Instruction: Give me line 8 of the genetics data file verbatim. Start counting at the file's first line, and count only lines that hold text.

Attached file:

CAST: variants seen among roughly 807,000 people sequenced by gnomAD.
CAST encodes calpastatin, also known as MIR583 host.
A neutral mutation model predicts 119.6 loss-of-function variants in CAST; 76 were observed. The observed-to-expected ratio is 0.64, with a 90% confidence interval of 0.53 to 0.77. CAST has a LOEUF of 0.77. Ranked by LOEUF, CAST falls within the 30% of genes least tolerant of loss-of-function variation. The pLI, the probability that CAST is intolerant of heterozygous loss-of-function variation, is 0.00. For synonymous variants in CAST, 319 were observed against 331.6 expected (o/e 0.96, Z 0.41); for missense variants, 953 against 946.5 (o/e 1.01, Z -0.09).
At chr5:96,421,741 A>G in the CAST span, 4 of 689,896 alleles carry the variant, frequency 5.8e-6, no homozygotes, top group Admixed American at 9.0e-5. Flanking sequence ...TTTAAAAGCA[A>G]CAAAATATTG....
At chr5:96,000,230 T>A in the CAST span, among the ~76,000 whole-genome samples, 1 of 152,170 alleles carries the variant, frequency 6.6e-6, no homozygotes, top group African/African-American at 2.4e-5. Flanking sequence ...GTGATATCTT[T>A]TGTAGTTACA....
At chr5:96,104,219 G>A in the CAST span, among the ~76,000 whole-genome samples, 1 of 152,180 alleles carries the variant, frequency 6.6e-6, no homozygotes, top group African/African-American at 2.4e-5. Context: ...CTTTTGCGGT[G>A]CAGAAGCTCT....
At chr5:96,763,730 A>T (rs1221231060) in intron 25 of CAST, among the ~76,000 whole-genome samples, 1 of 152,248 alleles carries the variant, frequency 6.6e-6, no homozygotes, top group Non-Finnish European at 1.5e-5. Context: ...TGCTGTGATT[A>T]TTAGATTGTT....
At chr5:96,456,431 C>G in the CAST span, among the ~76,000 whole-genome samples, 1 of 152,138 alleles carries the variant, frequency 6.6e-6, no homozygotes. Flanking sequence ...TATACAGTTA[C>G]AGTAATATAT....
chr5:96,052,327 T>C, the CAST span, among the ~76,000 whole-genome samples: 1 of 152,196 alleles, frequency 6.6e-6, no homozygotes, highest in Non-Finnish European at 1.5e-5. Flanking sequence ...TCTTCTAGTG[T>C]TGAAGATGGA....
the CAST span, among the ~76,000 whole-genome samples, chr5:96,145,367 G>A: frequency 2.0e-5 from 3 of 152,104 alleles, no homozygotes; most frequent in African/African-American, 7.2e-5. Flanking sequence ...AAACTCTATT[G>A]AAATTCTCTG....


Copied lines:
At chr5:96,456,431 C>G in the CAST span, among the ~76,000 whole-genome samples, 1 of 152,138 alleles carries the variant, frequency 6.6e-6, no homozygotes. Flanking sequence ...TATACAGTTA[C>G]AGTAATATAT....